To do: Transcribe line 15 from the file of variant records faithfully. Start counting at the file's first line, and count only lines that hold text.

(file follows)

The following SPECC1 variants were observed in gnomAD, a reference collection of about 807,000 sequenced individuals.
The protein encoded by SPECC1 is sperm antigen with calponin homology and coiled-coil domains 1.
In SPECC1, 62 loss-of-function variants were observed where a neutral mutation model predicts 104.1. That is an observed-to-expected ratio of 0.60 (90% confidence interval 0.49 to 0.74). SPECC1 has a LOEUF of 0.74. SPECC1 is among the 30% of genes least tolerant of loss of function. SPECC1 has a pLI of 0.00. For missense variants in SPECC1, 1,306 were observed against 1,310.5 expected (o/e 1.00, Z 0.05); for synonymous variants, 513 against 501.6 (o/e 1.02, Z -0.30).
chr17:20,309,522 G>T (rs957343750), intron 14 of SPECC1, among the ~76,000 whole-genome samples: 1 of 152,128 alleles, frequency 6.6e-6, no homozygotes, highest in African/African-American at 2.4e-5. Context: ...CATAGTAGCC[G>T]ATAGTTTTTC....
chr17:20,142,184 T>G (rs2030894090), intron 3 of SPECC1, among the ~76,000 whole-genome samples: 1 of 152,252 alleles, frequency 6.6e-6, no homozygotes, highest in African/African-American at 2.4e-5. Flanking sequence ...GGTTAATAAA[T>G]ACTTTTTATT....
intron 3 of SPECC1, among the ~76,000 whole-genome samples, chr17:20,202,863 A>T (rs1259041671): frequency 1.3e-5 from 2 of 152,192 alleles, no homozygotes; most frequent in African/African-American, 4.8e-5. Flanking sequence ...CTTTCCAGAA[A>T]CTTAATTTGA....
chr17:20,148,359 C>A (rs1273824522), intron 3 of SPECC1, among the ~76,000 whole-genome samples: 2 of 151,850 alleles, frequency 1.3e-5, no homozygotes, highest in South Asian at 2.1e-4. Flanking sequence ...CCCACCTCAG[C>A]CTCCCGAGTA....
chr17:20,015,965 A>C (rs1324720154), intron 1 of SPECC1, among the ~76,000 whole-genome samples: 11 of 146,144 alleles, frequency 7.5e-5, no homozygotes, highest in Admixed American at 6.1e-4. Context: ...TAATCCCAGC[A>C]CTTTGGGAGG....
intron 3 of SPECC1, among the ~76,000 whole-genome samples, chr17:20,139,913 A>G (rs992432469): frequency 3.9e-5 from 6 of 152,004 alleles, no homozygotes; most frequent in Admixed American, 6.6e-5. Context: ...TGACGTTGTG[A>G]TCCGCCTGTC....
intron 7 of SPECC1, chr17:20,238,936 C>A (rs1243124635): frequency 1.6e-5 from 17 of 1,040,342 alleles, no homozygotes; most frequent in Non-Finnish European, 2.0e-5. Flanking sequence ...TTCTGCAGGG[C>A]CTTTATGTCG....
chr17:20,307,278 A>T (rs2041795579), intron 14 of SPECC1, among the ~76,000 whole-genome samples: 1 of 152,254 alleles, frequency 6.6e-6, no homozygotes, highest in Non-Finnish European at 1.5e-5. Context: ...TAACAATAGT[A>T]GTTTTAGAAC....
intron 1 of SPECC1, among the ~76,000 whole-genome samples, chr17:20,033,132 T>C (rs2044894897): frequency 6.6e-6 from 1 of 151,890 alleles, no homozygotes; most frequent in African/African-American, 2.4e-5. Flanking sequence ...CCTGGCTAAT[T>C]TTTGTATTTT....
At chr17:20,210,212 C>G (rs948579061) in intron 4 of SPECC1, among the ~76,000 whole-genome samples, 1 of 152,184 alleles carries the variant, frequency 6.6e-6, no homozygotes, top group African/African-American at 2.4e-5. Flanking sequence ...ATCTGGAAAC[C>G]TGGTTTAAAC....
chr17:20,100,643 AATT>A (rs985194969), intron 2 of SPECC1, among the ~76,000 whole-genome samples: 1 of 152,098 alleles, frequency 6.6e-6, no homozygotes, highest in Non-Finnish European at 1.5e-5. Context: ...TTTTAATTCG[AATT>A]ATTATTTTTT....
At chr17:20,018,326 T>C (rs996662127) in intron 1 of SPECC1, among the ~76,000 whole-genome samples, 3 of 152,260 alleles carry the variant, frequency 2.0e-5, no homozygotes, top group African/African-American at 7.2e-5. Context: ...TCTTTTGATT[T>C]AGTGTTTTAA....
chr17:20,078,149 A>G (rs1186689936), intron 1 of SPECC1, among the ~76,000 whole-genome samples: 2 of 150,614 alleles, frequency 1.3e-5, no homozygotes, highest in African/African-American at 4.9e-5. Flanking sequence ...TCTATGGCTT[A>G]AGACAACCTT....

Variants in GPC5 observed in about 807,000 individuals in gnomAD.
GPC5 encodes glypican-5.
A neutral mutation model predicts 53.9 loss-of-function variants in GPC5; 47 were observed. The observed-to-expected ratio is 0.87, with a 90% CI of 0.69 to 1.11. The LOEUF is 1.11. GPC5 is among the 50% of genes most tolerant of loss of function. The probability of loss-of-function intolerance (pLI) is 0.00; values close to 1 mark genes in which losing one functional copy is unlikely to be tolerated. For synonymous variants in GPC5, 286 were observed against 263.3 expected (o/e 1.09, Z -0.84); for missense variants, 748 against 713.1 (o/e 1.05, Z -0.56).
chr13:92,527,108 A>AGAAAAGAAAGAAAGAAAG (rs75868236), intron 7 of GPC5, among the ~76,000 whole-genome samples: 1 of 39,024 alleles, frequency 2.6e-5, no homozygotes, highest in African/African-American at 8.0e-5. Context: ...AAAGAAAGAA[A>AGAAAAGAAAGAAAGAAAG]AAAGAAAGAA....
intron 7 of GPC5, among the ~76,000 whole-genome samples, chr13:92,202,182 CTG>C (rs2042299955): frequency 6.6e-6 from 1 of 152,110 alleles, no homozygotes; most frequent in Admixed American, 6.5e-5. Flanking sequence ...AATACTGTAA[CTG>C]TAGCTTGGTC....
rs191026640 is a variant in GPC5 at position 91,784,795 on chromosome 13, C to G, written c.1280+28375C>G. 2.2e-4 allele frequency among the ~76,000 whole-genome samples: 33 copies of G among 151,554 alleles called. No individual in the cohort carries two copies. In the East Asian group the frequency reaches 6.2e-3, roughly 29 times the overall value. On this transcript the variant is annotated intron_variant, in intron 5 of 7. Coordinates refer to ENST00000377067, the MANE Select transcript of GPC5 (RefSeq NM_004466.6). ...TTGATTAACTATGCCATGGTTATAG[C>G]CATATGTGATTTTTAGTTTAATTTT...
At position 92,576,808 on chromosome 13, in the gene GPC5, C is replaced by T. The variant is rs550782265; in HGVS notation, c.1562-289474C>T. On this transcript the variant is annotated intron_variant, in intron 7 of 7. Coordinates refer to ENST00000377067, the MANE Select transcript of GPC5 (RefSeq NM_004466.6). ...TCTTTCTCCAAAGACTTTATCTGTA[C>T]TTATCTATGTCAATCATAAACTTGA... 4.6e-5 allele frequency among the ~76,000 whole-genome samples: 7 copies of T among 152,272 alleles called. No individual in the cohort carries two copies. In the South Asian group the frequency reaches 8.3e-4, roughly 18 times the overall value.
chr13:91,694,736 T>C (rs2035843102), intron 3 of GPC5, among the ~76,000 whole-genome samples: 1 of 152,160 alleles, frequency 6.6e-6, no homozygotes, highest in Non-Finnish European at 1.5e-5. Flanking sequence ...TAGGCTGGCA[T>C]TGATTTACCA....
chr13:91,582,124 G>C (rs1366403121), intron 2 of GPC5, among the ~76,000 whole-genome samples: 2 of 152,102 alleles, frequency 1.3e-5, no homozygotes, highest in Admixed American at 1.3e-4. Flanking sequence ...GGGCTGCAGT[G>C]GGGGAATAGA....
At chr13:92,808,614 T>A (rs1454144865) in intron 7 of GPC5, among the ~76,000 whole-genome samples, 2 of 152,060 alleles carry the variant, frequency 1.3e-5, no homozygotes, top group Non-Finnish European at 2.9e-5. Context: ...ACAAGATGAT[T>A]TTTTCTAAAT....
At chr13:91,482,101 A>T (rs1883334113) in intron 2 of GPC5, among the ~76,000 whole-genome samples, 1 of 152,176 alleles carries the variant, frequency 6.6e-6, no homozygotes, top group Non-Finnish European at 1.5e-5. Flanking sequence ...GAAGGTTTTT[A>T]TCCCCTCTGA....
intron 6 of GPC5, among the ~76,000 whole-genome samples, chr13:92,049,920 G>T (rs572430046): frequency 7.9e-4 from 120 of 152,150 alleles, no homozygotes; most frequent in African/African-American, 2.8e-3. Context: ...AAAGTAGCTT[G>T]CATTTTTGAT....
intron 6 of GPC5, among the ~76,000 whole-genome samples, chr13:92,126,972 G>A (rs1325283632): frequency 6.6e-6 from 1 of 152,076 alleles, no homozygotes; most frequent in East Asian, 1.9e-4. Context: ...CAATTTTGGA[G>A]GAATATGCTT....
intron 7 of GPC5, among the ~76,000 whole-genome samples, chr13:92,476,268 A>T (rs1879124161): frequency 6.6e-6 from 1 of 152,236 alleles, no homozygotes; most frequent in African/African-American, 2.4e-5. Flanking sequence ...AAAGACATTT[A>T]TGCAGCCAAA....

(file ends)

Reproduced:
At chr17:20,018,326 T>C (rs996662127) in intron 1 of SPECC1, among the ~76,000 whole-genome samples, 3 of 152,260 alleles carry the variant, frequency 2.0e-5, no homozygotes, top group African/African-American at 7.2e-5. Context: ...TCTTTTGATT[T>C]AGTGTTTTAA....